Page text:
A taste of Northern Ireland at the Edible Flower Supper Club
How far is too far to travel for dinner? Northern Ireland is a totally acceptable distance if it means a poke around the Edible Flower farm, some very delicious home grown food, and an intro to the best of ingredients the area has to offer.
To give some background here, Erin and Jo - collectively and interchangeably the brains and brawns behind The Edible Flower - are old university friends. About five years ago they took the leap from not-so-rural Leytonstone to the beautiful rolling hillocks of Saintfield, a village outside Belfast. Here, they have been beavering away growing a phenomenal range of product on the land and using it - alongside carefully sourced goodies from other local producers - to cook up feasts that include their incredibly popular supper clubs. And that is where I headed.
Basically, if you have ever had the "lets-flee-urban-London-and-its-chaos-for-a-rural-idlyll-where-we-can-work-the-land-and-grow-delicious-things-that-we-turn-into-more-delicious-things" type dream, these girls are living it. And living it well. There has been a lot of hard work in the past five years and the transformation of a traditional farmstead into a modern live-work-entertaining space that is as much a lesson in interior-design-how-to as it is a phenomenal horticultural machine. Despite me insisting on the full tour, my info on what is grown where on the farm and why is sadly limited (I am still that Townie who hasn't made the rural leap, and listening to The Archers will only get you so far), and I can only tell you that it is the no-dig method and that the tomatoes in the poly tunnel are the best you will have tasted.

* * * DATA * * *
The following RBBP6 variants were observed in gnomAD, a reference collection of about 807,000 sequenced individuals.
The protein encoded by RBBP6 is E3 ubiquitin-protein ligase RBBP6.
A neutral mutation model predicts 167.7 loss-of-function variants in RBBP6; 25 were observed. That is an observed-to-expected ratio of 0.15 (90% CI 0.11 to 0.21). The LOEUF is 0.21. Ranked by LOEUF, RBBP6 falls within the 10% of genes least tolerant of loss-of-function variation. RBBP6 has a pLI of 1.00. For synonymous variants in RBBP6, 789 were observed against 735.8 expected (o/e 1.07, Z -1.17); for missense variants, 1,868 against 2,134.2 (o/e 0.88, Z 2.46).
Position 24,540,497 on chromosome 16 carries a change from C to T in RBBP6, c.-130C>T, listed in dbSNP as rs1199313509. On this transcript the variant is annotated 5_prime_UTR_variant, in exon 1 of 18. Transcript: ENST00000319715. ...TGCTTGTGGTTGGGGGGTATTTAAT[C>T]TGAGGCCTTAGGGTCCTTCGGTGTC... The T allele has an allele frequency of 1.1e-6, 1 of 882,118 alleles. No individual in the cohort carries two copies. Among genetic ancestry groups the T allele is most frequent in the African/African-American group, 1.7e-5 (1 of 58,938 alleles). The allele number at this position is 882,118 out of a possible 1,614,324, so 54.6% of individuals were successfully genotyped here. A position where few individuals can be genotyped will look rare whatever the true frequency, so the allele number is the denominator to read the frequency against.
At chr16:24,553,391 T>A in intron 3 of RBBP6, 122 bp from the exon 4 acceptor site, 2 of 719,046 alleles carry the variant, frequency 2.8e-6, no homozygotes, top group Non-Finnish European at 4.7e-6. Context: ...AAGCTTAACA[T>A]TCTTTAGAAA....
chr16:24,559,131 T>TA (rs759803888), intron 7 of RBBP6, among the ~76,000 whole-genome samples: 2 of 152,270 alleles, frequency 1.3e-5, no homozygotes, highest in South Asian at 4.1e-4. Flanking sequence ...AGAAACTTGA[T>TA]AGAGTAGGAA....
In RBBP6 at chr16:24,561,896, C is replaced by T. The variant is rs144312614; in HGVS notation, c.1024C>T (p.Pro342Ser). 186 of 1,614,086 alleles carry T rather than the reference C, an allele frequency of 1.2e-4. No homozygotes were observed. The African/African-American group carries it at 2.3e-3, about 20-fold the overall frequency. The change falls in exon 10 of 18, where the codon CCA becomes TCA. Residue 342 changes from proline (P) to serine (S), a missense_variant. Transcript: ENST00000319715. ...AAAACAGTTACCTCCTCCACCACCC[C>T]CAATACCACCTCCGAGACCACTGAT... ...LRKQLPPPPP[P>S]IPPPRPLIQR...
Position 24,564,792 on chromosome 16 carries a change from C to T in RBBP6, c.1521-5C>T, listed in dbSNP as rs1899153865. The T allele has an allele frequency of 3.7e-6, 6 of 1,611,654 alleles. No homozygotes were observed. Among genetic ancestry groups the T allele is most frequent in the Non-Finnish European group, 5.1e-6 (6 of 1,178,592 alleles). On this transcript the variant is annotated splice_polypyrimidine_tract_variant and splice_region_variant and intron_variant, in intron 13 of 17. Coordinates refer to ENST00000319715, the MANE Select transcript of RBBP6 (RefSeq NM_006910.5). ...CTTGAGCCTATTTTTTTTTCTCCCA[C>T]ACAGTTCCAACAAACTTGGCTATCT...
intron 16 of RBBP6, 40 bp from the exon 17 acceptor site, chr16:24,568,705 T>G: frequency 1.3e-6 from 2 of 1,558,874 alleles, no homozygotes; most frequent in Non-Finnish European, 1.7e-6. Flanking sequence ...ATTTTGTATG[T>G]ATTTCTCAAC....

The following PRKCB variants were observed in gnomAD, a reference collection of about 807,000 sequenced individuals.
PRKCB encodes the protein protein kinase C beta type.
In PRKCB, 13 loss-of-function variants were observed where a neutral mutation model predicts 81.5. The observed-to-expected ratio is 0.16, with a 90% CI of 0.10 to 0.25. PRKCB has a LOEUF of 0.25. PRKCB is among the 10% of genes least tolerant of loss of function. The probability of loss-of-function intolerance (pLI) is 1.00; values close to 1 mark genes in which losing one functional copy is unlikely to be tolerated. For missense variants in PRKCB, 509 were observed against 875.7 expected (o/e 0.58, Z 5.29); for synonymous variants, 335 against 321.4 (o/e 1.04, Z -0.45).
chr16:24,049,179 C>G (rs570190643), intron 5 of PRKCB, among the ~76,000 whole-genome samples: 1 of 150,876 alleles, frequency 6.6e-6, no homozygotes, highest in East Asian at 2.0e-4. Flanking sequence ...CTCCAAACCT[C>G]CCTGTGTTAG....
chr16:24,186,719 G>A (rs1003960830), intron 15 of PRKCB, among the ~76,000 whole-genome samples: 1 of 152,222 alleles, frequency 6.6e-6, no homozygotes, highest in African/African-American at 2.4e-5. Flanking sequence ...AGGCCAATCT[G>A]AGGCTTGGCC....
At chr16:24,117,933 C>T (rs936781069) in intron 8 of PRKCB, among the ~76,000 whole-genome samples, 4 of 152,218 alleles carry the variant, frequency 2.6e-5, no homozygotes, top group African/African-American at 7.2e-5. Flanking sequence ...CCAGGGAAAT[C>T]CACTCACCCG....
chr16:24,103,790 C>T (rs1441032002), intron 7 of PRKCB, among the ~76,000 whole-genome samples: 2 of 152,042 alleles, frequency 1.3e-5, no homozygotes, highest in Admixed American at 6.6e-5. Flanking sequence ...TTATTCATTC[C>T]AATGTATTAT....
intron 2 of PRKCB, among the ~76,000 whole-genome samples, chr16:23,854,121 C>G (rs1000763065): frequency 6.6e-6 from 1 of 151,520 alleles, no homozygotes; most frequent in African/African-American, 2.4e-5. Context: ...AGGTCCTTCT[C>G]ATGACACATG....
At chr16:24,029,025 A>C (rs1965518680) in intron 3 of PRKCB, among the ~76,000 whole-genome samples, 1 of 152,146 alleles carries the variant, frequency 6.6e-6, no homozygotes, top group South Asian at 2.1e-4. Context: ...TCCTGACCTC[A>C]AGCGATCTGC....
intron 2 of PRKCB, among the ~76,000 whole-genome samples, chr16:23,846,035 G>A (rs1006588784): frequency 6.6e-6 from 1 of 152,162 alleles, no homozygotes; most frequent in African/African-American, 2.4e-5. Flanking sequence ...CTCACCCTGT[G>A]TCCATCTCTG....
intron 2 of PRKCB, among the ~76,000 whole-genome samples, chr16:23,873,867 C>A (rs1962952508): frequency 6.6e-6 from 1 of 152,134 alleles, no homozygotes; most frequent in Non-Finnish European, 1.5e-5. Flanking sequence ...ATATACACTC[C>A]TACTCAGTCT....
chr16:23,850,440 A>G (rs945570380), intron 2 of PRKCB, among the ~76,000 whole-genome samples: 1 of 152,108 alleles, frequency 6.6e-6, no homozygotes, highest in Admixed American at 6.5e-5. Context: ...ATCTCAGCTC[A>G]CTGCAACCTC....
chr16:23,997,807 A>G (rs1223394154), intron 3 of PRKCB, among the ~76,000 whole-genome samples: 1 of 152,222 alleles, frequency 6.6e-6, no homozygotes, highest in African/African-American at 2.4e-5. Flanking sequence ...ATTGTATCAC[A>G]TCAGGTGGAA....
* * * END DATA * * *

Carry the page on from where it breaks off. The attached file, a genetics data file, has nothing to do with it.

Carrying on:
Tell me the best start to any event is not milling around outside admiring the garden while popping homemade pretzels and mac'n'cheese croquettes in your mouth washed down with Beer Hoi?
Then to their new event space for a five course feast. We were there for the end of Harvest Supper club and, true to form, Erin and team had come up with the goods in the kitchen. I can't overstate how delicious this was - all local with courgette and green bean pakoras and tomato risotto making the most of the produce grown literally feet from where we ate.
If you were in any way hesitant about the group dynamics of a supper club, this is the one to cut your teeth at. The gallery space gets the cosy-spacious combination right while the whole farm-meets-culinary-idyll is great for dinner party chat. Plus, without slipping into cultural stereotypes, Northern Irelanders are a hell of a lot more friendly-from-the-off than the people of Leytonstone (no shade to Leytonstone).
After chocolate and blackberry tart with coffee ice cream (give me more, give me the recipe) we rolled outside to the fire pit for tea and local cheese and crackers and to plot our own rural escape. Bliss.